INDIANAPOLIS -- Deborah Jacobs majored with honors in Graphic Arts in Brussels, Belgium, but now finds herself inside a beautifully-designed bungalow in Broad Ripple that mixes art and function.
Jacobs started off working for design companies in Brussels and Amsterdam, specializing in Packaging Design. Her interest for interior design quickly transpired though commercial booth design projects and personal side projects.
Her love for the arts took her to San Francisco where she was (H1B-Visa) sponsored to become an art director for high-scaled art galleries in San Francisco, New York and Napa Valley. Her passion for interior design never faded as she continued to work on jobs as a freelancer throughout the years
When Jacobs and her husband Alan Leerkamp's personal lives ultimately took them to raise their family here in Indianapolis, she decided to pursue her passion for real estate remodels and interior design, at least during these first years, to establish a new revenue stream through short term Airbnb rentals.
We sat down with Jacobs, took a look inside her gorgeous, yet functional, home to ask how she pulled it all off.
They picked their home at 6109 Carrollton Avenue for its location with their priority being walkability after living in San Francisco for 16 years, but they also wanted a community to become a part of.
They knew the home would probably not correspond to their wants and needs on the inside, but that was going to be their dream project: Making it on their own.
They weren’t looking for size and they didn’t want the biggest house on the block. They wanted a flexible layout that could accommodate many out of town visitors and one that would allow them both to work from home, all in a way that wouldn’t make the home so big that they would lose each other in it.
The home they chose allows them to have connected, yet separate guest quarters attached to the back of the house that they remodeled and posted to AirBnB (you can see the listing here.)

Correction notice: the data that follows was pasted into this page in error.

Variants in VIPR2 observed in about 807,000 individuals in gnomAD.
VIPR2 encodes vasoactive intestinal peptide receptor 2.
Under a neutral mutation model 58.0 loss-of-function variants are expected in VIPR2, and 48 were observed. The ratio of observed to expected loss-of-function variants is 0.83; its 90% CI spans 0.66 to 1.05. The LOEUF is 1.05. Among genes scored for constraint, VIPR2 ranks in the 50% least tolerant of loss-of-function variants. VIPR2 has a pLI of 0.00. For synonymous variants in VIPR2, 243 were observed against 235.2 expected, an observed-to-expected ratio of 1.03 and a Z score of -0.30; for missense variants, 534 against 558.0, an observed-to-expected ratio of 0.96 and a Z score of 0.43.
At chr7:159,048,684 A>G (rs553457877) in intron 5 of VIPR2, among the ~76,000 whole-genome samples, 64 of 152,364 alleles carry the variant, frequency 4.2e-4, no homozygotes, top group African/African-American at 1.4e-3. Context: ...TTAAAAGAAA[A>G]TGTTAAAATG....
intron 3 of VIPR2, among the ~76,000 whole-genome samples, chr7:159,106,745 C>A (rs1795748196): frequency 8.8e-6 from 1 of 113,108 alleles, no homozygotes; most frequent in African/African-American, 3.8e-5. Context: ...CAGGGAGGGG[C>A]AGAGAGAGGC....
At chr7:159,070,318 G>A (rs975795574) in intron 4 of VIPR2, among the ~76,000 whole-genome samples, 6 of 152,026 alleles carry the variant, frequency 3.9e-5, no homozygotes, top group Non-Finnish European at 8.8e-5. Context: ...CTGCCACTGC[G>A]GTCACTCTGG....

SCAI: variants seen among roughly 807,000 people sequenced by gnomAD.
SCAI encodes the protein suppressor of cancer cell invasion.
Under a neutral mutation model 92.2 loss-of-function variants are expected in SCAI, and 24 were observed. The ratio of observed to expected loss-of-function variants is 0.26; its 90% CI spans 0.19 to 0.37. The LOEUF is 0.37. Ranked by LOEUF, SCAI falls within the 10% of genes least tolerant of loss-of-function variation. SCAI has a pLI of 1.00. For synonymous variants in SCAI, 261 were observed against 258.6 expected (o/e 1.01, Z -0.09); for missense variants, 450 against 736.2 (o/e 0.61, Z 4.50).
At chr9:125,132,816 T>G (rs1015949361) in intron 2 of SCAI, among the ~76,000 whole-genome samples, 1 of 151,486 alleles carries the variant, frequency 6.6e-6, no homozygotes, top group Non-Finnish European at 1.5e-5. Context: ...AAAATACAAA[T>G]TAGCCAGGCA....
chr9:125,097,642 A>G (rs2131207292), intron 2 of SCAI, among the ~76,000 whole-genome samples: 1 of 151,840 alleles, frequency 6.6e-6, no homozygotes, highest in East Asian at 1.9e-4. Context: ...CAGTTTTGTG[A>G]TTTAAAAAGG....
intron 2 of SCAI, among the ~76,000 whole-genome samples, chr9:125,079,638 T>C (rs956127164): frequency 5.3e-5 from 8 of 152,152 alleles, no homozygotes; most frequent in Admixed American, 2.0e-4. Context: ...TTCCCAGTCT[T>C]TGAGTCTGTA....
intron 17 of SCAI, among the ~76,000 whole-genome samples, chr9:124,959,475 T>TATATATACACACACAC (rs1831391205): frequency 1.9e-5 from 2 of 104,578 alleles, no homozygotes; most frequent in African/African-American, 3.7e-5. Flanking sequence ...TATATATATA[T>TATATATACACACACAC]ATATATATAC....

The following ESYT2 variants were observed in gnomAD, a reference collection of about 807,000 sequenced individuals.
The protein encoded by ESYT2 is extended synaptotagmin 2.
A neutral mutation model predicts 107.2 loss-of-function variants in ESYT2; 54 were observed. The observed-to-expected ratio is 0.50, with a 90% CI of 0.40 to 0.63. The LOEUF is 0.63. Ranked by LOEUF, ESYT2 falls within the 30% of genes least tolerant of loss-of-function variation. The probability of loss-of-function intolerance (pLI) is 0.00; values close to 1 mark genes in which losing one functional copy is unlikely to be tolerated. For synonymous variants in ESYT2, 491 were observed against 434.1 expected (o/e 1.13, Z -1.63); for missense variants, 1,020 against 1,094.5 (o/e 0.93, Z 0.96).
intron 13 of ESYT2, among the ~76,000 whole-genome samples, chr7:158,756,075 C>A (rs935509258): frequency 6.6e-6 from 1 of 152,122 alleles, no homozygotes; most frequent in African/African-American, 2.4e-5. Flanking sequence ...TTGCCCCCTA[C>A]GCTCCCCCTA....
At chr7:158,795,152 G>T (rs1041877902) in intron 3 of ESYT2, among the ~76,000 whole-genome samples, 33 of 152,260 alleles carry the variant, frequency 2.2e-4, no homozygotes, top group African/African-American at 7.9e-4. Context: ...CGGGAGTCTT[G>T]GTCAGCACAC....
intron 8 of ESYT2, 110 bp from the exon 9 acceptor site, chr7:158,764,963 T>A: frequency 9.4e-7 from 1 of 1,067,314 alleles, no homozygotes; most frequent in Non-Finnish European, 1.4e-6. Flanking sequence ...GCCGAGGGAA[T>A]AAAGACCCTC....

They also added a room connecting the original home to the garage that acts as a “creative space/atelier/art studio".
They wanted a home their daughter Sam would enjoy growing up in, one where her friends would enjoy coming to visit in, which led to the slide and tree house for play dates and sleep overs.
Architecturally, they knew they were going to have to address the original boxed in layout of the kitchen and living room by opening it up into one common open space for them to gather, cook and entertain.
The couple says they are like plants, they can’t live without day light, which is why they took out the ceilings and put in skylights.
Aesthetically, their style and goal was to be very simple and minimal, nothing ornate, using raw and recycled materials where possible for a contemporary look with eclectic personal and sentimental touches like Alan’s grandmother’s green couches and Deborah’s mom’s knitted blankets to get cozy by the fire.
A large white wall in the living space contrasts the colorful art and furniture, a style Deborah gained from her time working in art galleries.
Their favorite element in the home is the exposed white beams and the skylights. It surprises most visitors as they come in because the home looks so “petite” from the exterior and nobody expects the feeling of space once they enter.
This spacious feeling is the one that gave them the “Don’t Judge a Book By Its Cover” award presented by the 10th annual Broad Ripple Historic Home Tour.
Biggest Design Challenge
The biggest challenge through this remodel was patience and living through it.
But overall, they had a fantastic experience: Deborah sketched the initial floor plan wants and needs and found their dream team in HAUS architects.
HAUS put it all into gear while she was operating as a general contractor on the job site and sourced all appliances, fixtures and furniture.
Friends often say the home looks just like them.
There are a few, but to pick one, it was something they had never done before: Sanding and resurfacing textured plaster and dry walls because the new dry wall was nice and smooth. It was not easy and a very messy job, at least for beginners.
They splurged on a few things, but one of them that took them over budget was the hallway skylight that HAUS architects proposed to help with the new proposed floor plan that extended the hallway through the house. Without it, the hallway would have become quite dark.
The skylight provides a wonderful and bright flow to the home that they love.
Best Design Advice?
Incorporate meaningful elements to your home, to make it your own. Don’t overload. Less is more.
Favorite Place to Shop
They carefully picked a couple of high-end elements from designers like their chandelier, which ended up being featured at the IMA last year. And then they found pieces like the 12-foot table in the creative room, for a $100 at Restore (where they donate all salvaged materials, furniture and appliances throughout the renovations).
They made the coffee table out of the transportation palette that was used to deliver their barn doors.